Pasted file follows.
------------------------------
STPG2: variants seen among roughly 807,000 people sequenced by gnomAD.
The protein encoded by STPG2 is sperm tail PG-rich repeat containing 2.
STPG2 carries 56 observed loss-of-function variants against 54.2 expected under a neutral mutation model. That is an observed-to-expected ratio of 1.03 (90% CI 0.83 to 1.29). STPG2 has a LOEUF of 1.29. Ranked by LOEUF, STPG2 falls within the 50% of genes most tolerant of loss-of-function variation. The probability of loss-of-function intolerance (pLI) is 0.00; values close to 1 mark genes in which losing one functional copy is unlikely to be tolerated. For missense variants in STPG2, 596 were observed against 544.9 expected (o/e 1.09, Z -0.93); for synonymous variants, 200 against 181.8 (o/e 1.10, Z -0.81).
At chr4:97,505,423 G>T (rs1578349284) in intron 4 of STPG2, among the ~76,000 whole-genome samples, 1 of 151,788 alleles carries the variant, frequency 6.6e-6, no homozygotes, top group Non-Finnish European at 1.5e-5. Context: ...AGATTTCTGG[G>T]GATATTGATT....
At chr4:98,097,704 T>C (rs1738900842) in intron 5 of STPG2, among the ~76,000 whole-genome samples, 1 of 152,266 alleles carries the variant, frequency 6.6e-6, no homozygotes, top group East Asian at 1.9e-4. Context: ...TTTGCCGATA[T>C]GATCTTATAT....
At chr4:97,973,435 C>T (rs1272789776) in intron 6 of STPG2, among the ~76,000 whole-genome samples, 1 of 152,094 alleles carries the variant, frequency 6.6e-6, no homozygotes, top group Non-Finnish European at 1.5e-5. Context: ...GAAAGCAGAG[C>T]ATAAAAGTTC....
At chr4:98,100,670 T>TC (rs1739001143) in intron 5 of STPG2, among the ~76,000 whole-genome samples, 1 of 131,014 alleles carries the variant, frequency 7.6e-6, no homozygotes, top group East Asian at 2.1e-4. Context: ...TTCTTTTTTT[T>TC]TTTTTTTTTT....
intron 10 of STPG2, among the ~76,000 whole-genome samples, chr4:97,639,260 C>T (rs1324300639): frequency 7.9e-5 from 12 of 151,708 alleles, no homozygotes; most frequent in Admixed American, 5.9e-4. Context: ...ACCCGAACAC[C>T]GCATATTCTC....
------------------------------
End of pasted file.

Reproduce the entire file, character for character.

STPG2: variants seen among roughly 807,000 people sequenced by gnomAD.
The protein encoded by STPG2 is sperm tail PG-rich repeat containing 2.
STPG2 carries 56 observed loss-of-function variants against 54.2 expected under a neutral mutation model. That is an observed-to-expected ratio of 1.03 (90% CI 0.83 to 1.29). STPG2 has a LOEUF of 1.29. Ranked by LOEUF, STPG2 falls within the 50% of genes most tolerant of loss-of-function variation. The probability of loss-of-function intolerance (pLI) is 0.00; values close to 1 mark genes in which losing one functional copy is unlikely to be tolerated. For missense variants in STPG2, 596 were observed against 544.9 expected (o/e 1.09, Z -0.93); for synonymous variants, 200 against 181.8 (o/e 1.10, Z -0.81).
At chr4:97,505,423 G>T (rs1578349284) in intron 4 of STPG2, among the ~76,000 whole-genome samples, 1 of 151,788 alleles carries the variant, frequency 6.6e-6, no homozygotes, top group Non-Finnish European at 1.5e-5. Context: ...AGATTTCTGG[G>T]GATATTGATT....
At chr4:98,097,704 T>C (rs1738900842) in intron 5 of STPG2, among the ~76,000 whole-genome samples, 1 of 152,266 alleles carries the variant, frequency 6.6e-6, no homozygotes, top group East Asian at 1.9e-4. Context: ...TTTGCCGATA[T>C]GATCTTATAT....
At chr4:97,973,435 C>T (rs1272789776) in intron 6 of STPG2, among the ~76,000 whole-genome samples, 1 of 152,094 alleles carries the variant, frequency 6.6e-6, no homozygotes, top group Non-Finnish European at 1.5e-5. Context: ...GAAAGCAGAG[C>T]ATAAAAGTTC....
At chr4:98,100,670 T>TC (rs1739001143) in intron 5 of STPG2, among the ~76,000 whole-genome samples, 1 of 131,014 alleles carries the variant, frequency 7.6e-6, no homozygotes, top group East Asian at 2.1e-4. Context: ...TTCTTTTTTT[T>TC]TTTTTTTTTT....
intron 10 of STPG2, among the ~76,000 whole-genome samples, chr4:97,639,260 C>T (rs1324300639): frequency 7.9e-5 from 12 of 151,708 alleles, no homozygotes; most frequent in Admixed American, 5.9e-4. Context: ...ACCCGAACAC[C>T]GCATATTCTC....